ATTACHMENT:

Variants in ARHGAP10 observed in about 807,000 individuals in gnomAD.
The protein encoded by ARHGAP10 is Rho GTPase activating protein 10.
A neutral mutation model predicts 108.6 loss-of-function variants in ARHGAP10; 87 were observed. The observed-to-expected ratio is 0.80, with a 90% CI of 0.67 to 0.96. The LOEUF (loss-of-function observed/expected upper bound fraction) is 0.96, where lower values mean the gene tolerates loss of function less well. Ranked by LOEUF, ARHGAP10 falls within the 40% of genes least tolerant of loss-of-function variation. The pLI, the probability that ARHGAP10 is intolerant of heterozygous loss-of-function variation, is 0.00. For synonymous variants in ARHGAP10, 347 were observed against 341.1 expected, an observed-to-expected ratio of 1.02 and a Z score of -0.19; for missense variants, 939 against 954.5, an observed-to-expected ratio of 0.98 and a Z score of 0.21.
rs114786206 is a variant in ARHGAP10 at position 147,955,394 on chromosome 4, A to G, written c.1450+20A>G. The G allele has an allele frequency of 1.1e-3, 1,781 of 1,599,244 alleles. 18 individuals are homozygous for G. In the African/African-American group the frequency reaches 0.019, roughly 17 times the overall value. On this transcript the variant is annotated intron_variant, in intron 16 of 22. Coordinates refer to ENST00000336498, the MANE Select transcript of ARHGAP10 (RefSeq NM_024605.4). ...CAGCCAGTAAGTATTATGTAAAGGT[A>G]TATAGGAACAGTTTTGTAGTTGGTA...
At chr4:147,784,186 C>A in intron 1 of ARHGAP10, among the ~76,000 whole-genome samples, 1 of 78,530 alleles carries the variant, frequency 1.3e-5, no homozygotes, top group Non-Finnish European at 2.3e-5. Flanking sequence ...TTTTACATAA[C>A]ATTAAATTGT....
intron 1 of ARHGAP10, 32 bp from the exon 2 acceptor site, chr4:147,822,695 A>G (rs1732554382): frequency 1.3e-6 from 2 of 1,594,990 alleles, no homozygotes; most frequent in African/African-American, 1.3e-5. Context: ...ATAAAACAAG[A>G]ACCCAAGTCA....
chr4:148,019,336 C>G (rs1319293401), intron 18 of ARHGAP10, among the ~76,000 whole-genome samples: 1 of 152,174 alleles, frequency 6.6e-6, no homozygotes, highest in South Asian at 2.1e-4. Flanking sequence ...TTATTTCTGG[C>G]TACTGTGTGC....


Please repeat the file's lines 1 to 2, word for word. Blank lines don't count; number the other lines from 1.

Variants in ARHGAP10 observed in about 807,000 individuals in gnomAD.
The protein encoded by ARHGAP10 is Rho GTPase activating protein 10.